From Dames and Knights to community heroes - We break down all those from the arts and creative community who are toasting some well-deserved recognition with Aotearoa's latest honours.
The arts have a new Dame - with Dame Helene Quilter (above) receiving the honour for services to the public service and the arts as one of many from the creative community singled out in the first King's Birthday Honours list.
Dame Helene's love of both performance and visual art has played a huge part in her life.
She tells The Big Idea "I am delighted and overwhelmed to have received this honour in recognition of my 45 years of public service and my passion and commitment for New Zealand art.
"I have been a dedicated supporter of the visual arts in New Zealand all my life and have collected art throughout that time. This has been primarily painting but has also included photography, sculpture, textiles and ceramics.
"I started collecting seriously in my early 20s. I collected widely and assembled a large collection of artists prominent in New Zealand in the 90s and 2000s.
"That collection grew too big for me to house, so I made the decision to lend much of the collection to the Govett Brewster Gallery in New Plymouth on long-term loan (the Quilter Collection). I made the decision to sell much of that collection in 2014 to make way for new collecting interests.
"In the last 10 years, my collecting has become more focused and specialised, but the collecting habit is just as intense.
"I am also a board member of the NZ School of Dance and recently have been appointed chair of the professional advisory panel governing the school’s professional standards and execution. It’s been a hard time over the last three years with the impact of COVID on the school, both as an educational institution and as practitioners of performance art.
"It’s been a real privilege for me to work with the dedicated, committed and professional management team of the NZ School of Dance."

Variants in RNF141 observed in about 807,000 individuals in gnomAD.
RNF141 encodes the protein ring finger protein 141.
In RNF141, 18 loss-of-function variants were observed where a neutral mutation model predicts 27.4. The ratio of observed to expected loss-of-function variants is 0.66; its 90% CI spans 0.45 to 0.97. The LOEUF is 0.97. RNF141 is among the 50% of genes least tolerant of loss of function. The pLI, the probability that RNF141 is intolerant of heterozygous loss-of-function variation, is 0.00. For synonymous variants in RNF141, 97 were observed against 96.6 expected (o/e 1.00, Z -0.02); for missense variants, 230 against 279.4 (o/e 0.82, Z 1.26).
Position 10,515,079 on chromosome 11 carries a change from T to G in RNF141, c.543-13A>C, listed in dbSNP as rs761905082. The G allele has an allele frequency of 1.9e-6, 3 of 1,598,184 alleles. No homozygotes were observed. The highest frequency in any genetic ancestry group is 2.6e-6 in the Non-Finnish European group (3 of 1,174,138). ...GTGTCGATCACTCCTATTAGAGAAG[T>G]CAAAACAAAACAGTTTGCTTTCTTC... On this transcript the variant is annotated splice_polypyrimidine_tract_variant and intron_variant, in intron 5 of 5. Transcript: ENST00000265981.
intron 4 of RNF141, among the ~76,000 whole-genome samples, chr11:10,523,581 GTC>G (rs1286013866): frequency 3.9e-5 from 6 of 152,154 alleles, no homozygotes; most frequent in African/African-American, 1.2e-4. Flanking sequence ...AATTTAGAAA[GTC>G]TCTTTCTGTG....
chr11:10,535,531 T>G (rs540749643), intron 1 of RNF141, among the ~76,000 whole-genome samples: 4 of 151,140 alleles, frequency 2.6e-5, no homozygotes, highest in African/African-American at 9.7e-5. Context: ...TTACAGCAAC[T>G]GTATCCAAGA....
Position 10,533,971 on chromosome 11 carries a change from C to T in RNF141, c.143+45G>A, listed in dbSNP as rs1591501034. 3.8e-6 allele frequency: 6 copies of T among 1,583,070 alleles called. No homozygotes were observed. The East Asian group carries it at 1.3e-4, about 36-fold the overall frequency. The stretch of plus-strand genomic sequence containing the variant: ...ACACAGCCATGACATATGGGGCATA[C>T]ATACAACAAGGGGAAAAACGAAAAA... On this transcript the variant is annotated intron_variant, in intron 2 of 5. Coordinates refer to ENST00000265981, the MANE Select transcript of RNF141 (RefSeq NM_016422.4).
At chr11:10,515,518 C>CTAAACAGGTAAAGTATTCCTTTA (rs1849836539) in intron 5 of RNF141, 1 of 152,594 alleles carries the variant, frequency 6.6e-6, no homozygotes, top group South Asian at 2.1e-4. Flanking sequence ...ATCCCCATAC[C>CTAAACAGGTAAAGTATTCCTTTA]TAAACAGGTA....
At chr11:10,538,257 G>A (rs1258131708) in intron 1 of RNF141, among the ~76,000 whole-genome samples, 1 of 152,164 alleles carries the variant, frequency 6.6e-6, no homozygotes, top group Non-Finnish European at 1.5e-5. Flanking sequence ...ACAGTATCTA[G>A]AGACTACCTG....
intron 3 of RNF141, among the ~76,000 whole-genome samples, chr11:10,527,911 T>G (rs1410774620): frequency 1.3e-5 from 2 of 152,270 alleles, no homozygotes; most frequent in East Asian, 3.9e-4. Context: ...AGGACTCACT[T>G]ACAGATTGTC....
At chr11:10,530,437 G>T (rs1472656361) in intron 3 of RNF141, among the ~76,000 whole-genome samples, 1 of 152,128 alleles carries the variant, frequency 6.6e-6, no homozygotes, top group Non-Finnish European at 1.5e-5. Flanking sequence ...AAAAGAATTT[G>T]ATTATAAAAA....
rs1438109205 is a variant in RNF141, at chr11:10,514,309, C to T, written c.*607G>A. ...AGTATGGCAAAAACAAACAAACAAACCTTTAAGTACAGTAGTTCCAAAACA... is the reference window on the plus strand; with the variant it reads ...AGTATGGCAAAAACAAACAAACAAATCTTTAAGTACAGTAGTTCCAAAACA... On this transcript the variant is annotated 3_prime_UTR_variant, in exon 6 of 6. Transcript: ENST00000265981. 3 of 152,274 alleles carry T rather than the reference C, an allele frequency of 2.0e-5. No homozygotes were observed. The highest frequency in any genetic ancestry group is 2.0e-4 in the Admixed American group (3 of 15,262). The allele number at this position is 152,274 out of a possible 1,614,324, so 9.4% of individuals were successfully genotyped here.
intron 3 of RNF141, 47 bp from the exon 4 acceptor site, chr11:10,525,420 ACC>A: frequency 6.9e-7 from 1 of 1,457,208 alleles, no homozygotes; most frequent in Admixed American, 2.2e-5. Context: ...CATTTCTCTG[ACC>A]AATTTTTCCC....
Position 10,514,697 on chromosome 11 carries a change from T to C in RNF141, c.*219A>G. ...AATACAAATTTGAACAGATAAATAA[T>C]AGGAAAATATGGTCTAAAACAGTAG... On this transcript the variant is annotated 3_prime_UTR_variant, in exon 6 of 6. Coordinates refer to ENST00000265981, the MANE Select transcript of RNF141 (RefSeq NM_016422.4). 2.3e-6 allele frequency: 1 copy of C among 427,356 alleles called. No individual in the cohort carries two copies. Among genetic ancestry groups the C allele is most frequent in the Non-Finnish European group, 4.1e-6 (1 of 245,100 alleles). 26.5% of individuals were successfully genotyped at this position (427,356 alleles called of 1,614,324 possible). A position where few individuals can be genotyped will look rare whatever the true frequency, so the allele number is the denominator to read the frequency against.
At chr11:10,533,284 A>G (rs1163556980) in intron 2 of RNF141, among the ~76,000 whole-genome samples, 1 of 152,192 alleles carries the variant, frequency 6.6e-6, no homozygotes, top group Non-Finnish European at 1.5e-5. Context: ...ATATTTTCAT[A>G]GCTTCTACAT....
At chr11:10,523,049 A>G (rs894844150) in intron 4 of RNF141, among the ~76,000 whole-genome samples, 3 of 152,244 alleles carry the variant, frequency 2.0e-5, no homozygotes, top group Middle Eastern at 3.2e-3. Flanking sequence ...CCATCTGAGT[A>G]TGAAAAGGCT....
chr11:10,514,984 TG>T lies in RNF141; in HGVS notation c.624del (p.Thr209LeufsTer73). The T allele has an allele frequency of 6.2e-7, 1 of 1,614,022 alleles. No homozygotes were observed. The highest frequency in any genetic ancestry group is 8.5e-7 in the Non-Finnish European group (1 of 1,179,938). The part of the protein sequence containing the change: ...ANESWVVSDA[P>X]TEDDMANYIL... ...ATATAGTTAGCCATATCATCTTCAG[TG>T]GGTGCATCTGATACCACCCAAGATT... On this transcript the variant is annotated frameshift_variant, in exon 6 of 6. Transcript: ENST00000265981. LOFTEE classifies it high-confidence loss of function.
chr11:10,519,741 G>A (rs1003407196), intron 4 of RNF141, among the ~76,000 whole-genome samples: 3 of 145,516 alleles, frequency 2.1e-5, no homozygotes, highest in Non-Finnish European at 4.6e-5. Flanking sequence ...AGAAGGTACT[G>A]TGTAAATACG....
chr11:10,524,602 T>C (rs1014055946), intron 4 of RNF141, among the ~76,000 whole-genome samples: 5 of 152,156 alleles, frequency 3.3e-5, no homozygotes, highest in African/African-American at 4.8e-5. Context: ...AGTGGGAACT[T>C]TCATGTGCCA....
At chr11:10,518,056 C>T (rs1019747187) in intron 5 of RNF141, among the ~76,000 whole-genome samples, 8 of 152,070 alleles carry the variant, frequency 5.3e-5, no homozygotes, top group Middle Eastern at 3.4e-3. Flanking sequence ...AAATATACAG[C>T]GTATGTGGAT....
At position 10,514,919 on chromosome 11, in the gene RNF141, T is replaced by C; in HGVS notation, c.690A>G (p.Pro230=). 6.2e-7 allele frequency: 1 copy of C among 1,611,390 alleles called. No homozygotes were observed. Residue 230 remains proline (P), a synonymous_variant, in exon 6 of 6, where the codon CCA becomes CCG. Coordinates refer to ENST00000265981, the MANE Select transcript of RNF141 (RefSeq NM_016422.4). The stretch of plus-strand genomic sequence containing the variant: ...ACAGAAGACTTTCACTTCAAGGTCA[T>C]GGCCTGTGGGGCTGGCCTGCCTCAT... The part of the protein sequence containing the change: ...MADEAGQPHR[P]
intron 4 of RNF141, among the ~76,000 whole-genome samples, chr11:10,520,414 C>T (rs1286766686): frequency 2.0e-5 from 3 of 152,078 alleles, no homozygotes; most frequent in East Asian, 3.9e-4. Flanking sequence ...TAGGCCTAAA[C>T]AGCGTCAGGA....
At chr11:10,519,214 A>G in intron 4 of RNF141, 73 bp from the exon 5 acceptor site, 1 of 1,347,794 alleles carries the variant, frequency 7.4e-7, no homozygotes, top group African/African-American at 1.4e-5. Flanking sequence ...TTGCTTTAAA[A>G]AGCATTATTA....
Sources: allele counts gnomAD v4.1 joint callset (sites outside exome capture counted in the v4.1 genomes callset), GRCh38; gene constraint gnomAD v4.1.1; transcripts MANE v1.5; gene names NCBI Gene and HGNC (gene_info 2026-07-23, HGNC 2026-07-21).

One of the key men behind the rise to prominence of Te Matatini has been raised to the realm of Aotearoa's knights.
Sir Selwyn Parata has been recognised for services to Māori, including his role as Chair of the Te Matatini Board since 2008, responsible for the biennial National Kapa Haka festival, now held as one of the premier cultural events in Aotearoa. As well as surging audience and participation numbers, Sir Selwyn has seen Te Matatini become the highest-funded arts service provider - with the $34 million for the next two years announced in this year's budget putting it above the New Zealand Symphony Orchestra.
Sir Selwyn's also been a leading advocate for Māori heritage being held strong - supporting the commemoration of the 28 Māori Battalion and the establishment of the C Company Memorial Museum in his native Gisborne.
Dr Karen Grylls has been elevated to Companion of the New Zealand Order of Merit (CNZM) for her contribution to choral music - having been the Artistic Director of Choirs Aotearoa New Zealand since 1989 and for more than two decades as Musical Director of the New Zealand Youth Choir (1989- 2011), who includes guiding them to Best Mixed Choir at the 2007 Cantonigrós International Music Festival, Choir of the World at the International Eisteddfod and Overall Best Choir at Cantat Grand Prix in 1999.
Grylls has also been a crucial cog in bringing Māori music to centre stage on the choral scene -appointed Kaitiaki of Te Whānau Wehi and Waka Huia in 1999. She is the founding director and Conductor Emerita of the University of Auckland Chamber Choir, established the University’s postgraduate choral conducting programmes, serves as co-Artistic Director of the New Zealand Children’s Choral Academy founded in 2022, is on the Board of the International Federation of Choral Music and has been a Founding Board member of the New Zealand Choral Federation.
Grylls explains to The Big Idea she is deeply honoured. "I consider myself very privileged to have worked and performed with so many choral musicians and to be a voice for choral music in Aotearoa.
"In receiving this award I acknowledge the many musicians and colleagues who have supported me along the way. I have always been a passionate advocate for the arts. I am particularly passionate about singing, because I believe singing has the capacity to change lives and the voice connects us to our spiritual selves.
"The opportunity to have worked with and trained ensemble singers and conductors over several decades has allowed me to pay things forward. In return, I hope that these young musicians feel empowered to lead and to become global musical citizens themselves."
One of Aotearoa's most respected arts leaders has been made an Officer of the New Zealand Order of Merit (ONZM).
Philip Clarke has put his heart and soul into being an advocate for the creative community for the last 34 years - in particular the craft sector.